Linear Swirl – Cold Process Soap Technique Focus

For our recent winter campaign, we were inundated with lots of soapy inspiration and it made us makers in the creative team eager to try out some new techniques! One technique we were yet to try was the ‘Linear Swirl’. So, kitted out with Christmas-y coloured micas, we put it to the test. Our first attempt didn’t look as polished as planned but it still made some lovely photos for our winter campaign!

For this ‘Make it Monday’ we tried this technique again with a lot more success.

Here’s how we did it…

What you need:

  • A suitable mould – Preferably wide so you have more room to achieve the technique.
  • 2 Stainless steel pans
  • Accurate scales
  • 3 Heatproof jugs
  • A Balloon whisk
  • A Silicone spatula
  • Measuring spoons (Teaspoons/5ml)
  • Pipette
  • Suitable eye and hand protection
  • Towels or blankets


*Makes 1kg of Soap*

  1. 340g Water
  2. 125g Sodium Hydroxide (Caustic)
  3. 454g Olive Pomace
  4. 284g Coconut Oil
  5. 170g Shea Butter
  6. ¼ Tsp. Vitamin E
  7. 20ml of your chosen Essential oil or Fragrance (We used the Champagne Fragrance)
  8. 1 Heaped tsp. charcoal mixed in to a paste with a little bit of olive oil
  9. 2/3 Drops of water dispersible red colour
  10. 1 Heaped tsp. titanium dioxide mixed in to a paste with a little bit of olive oil


*why not grab a bargain, click here for our CP soapmakers ingredients bundle, on offer now!


Before we begin to take you through the steps of creating a linear swirl within your soap, make sure you have your lye cooled and ready to add to your pan of oils.  Be sure to check that the temperature of your lye is a similar temperature to your oils.

If you need a reminder of how to get to this stage in a cold process soap recipe, follow this link:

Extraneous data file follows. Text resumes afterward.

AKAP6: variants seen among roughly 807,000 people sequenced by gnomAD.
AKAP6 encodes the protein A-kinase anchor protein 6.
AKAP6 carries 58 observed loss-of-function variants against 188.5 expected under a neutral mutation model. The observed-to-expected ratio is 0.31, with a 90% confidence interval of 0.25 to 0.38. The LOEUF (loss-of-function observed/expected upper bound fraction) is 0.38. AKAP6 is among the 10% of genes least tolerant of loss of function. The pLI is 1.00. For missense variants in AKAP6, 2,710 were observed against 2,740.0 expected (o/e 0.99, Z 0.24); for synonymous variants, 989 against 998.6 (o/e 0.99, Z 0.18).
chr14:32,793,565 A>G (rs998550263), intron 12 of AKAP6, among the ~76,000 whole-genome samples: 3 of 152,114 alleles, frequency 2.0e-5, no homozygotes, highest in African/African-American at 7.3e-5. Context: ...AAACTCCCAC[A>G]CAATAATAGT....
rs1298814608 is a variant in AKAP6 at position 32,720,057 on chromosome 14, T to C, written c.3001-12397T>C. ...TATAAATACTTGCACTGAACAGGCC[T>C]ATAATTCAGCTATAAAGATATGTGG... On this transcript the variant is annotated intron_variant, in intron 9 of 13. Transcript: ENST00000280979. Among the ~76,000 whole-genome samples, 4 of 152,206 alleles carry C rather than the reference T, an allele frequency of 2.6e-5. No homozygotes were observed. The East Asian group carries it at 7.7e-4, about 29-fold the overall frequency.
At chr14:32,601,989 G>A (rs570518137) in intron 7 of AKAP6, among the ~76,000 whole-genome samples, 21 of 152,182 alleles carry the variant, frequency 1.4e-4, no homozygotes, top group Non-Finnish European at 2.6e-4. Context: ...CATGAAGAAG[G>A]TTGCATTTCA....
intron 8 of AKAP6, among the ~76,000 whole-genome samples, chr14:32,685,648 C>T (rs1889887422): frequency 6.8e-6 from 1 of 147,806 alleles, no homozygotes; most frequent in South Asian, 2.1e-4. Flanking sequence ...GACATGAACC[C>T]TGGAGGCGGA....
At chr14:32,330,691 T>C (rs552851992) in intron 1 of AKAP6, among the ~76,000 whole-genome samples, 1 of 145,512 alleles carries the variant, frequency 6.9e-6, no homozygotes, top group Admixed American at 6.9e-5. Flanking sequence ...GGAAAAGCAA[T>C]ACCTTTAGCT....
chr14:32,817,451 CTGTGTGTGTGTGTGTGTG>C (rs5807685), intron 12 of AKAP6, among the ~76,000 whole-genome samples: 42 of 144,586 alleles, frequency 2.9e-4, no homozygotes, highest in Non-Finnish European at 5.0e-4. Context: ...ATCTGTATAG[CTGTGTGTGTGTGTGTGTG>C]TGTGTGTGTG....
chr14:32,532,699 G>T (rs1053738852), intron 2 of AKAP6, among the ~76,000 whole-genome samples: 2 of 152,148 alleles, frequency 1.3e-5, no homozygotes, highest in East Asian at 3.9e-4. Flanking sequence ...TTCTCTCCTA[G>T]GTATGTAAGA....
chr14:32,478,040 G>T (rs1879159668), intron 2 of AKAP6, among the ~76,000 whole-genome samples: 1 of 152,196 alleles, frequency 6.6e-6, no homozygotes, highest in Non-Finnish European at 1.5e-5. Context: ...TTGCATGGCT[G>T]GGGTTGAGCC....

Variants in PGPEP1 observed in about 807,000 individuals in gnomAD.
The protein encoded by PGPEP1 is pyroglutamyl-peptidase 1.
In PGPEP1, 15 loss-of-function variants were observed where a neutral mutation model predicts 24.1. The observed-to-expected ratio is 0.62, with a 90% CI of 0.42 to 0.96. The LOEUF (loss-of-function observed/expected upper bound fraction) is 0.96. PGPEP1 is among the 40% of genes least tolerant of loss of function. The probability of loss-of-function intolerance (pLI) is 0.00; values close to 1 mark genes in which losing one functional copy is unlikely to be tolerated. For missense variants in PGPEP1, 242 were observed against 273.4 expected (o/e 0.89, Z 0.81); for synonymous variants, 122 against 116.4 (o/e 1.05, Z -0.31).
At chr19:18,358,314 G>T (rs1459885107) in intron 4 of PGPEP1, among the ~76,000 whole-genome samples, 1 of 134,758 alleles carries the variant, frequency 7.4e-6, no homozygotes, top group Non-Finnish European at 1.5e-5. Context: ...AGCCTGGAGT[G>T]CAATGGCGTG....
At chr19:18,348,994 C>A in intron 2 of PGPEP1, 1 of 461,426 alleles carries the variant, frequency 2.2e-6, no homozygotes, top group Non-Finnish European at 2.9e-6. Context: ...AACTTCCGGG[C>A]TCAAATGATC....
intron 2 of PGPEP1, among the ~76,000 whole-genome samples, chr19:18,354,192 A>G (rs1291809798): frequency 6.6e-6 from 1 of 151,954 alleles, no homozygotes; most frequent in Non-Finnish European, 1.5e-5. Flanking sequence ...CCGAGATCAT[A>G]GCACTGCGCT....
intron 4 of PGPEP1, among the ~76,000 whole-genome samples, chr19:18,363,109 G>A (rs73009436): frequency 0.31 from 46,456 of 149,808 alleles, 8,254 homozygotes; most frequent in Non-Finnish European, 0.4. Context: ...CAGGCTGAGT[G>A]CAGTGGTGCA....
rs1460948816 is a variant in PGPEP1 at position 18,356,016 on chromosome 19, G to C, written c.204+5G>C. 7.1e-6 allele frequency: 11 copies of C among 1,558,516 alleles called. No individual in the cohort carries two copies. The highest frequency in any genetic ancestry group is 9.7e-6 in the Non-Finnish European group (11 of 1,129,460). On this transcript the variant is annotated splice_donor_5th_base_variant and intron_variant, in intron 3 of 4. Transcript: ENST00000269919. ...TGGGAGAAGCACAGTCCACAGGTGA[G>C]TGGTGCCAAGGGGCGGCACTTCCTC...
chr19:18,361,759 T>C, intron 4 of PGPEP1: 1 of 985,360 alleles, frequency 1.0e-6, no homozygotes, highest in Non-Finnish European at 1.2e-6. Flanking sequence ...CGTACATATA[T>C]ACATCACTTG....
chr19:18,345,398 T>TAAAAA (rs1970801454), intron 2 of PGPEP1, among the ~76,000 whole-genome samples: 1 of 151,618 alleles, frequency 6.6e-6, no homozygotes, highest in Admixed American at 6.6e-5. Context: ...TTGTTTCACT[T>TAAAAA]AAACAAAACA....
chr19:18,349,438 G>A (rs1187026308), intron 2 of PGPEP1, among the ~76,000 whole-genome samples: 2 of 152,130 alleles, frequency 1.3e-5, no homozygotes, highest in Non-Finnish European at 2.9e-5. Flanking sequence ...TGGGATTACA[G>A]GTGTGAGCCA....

Step 1:

Combine the oils & vitamin E, then add your lye and mix everything thoroughly using a balloon whisk till you reach a light trace. You can use a Stick blended to speed up the process but be vigilant on reaching that light trace.

Step 2:

Once you have reached a light trace, add 20ml of your chosen fragrance or essential oil.

Step 3:

Now decant 500g of soap mix into two separate jugs (250g in each for each colour)

Step 4:

You’ll need to work quite quickly now! Turn your attention back to your left over 500g of soap mix. This is going to be your base colour which we are going to lighten with titanium dioxide.  Add the titanium dioxide and mix in well using a balloon whisk.  You may want to give it a very quick blast with the stick blender to break up any sneaky powder particles.

Step 5

Add the charcoal powder paste to one jug of 250g mix and stir well.

Step 6

Add 2/3 drops of water dispersible red to the last jug of mix and stir in. Again, you may want to use a stick blender to break up the colour particles. You’ll be surprised at how pigmented 2/3 drops of this colourant is.

Step 7

You should now be left with a pan of white soap mix, black and pink. Grab your mould and pour a pattern of pink lines in to the bottom of your mould

Step 8

Repeat over the top with black. You can be as random as you like!

Step 9

Pour half of the white mix on top

Step 10

Repeat steps 7 and 8 but this time, pouring in horizontal lines and aiming your pours so that the colours sit side by side. Now pour the rest of the white mix in and you should then be left with only the black and pink mix.


Step 11:

Again, repeat steps 7&8 but this time from a slightly higher position, pour both colours side by side in horizontal lines. By pouring your soap mix from a high, this will allow the soap to penetrate the white base colour and will therefore show all sorts of lovely swirls when you finally cut your soap in to bars.

As you reach the end of the jugs of black and pink mix, lower the position of your pour so that you have some colour sit on top. This is where you’ll create your linear swirl lines!

Step 12:

Using a spatula, pull the colours through the mould vertically from one side of the mould to the other. ET Voila!

Step 13:

As usual, insulate your mould to allow the soap to saponify for at least 24 hours. Once unmoulded cut into bars, then cure for 3-4 weeks before use.




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